The Prime Minister is heading to the suburbs of Western Sydney in order to help salvage Labor’s plummeting vote. But just where will Julia Gillard lay her prime ministerial head each night?
Labor’s vote may have collapsed in western Sydney, but can five days living in a beige hotel room in “the Vegas of Sydney’s west” turn things around? Julia Gillard sure hopes so.
As Phillip Coorey revealed in The Australian Financial Review this morning, the PM is heading to Rooty Hill (home of the infamous Rooty Hill leaders’ debate in 2010) to spend five days hanging out with locals. There will be cabinet meetings, events with local ethnic communities and lots of talk on higher education and jobs. It all kicks off on Sunday with a speech by Gillard at the University of Western Sydney.
But just where will the Prime Minister and her team camp out, since they are (wisely) choosing to avoid the traffic on a nightly drive back to Kirribilli?
“There’s not an over abundance of accommodation befitting the prime minister in the area,” one local told Crikey this morning.
The assumption — the hotel is yet to confirm and the Prime Minister’s office declined to comment — has the prime ministerial entourage bunking down at the four-and-a-half star Novotel Rooty Hill, part of the glitzy Rooty Hill RSL Leisure Complex. Trip Advisor ranks it No. 1 among local hotels; it recently had a multi-million dollar upgrade and can sleep up to 650 guests in its white, beige and red-toned rooms.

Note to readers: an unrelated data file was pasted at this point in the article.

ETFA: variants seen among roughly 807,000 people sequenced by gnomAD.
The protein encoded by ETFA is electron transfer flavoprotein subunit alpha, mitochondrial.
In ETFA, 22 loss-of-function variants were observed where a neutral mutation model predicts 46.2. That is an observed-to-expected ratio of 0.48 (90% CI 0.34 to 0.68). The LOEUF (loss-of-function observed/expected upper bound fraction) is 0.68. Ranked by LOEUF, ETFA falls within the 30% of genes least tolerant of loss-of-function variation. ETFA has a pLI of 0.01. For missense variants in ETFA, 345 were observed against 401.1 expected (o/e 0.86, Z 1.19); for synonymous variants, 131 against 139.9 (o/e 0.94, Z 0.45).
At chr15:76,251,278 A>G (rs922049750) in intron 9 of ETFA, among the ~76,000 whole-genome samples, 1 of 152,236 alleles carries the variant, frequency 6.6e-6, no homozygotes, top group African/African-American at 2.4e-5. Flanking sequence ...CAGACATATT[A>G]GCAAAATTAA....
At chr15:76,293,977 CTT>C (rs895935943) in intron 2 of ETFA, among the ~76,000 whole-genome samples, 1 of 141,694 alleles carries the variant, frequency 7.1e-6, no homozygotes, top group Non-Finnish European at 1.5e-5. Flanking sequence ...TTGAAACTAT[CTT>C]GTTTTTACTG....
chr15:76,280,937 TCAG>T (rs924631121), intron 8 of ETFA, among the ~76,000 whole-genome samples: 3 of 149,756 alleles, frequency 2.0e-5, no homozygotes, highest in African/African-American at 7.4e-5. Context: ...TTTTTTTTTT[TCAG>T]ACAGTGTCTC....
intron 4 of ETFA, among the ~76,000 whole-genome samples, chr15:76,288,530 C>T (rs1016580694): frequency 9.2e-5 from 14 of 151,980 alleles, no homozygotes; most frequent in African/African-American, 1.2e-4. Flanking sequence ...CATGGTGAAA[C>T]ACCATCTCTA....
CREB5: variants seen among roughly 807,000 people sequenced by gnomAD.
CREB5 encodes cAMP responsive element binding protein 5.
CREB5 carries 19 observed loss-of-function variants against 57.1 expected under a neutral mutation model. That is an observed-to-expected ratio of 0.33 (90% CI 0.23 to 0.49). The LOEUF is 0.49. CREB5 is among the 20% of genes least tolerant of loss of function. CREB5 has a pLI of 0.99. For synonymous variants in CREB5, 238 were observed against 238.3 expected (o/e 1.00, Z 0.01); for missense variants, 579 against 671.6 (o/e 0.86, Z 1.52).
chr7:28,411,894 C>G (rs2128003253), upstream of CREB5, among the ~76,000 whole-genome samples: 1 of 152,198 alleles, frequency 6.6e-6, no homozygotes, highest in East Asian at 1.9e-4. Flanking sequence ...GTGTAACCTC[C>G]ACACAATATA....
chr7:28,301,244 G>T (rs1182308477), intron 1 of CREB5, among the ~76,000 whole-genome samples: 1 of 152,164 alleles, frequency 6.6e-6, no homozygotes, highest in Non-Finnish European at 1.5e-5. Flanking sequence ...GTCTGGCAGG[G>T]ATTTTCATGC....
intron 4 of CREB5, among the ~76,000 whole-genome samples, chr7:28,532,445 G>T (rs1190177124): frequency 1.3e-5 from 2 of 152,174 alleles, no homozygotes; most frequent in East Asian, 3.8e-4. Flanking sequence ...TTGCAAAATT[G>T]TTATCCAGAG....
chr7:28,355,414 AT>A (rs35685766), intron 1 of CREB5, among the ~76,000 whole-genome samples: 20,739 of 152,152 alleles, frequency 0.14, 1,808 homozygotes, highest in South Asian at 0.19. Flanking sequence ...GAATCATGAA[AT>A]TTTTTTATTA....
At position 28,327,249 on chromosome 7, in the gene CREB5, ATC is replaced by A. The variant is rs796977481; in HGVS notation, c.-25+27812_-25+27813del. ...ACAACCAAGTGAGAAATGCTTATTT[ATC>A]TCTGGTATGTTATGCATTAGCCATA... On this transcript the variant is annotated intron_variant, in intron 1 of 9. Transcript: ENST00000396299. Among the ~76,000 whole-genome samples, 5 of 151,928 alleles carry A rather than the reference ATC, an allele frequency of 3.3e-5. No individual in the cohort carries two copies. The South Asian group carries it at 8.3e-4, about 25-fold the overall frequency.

A nearby Holiday Inn (three-and-a-half stars, self rated) or the Chifley Eastern Creek at Blacktown (where Gillard could stay in the fittingly named Chifley suite) seem the next best options.
Assuming no special discount was given (Crikey was told five days wasn’t long enough for a price drop, however Gillard’s negotiating skills are renowned) one bedroom apartments at the Novotel Rooty Hill will set the taxpayer back $245 a night. A few two-bedroom apartments are also available.
If Gillard and her crew want the buffet breakfast — which one Trip Advisor reviewer declared “to die for!” — it’s an extra $17 per person, although the WiFi is complementary.
There’s even undercover walkways between the hotel and the rest of the massive Rooty Hill complex so the prime minister can easily pop over for a schooner and schnitzel. The hotel also recommends the wagyu beef steak at Zest Wok n’ Grill. If her team needs to unwind after days of dealing with disillusioned western Sydney voters, perhaps a game of M9 laser skirmish or tenpin bowling will help.
Sadly Gillard will just miss Aria-award winning country sister act The McClymonts, who will perform at the RSL this Saturday night. However, she can try out the Tapas20 event “mouth-watering tapas in a relaxing and refined environment” on Thursday in the Club Lounge.
Although the pokie machines are plentiful at the RSL, we’re expecting the PM to avoid those in the same way she did Andrew Wilkie’s reforms.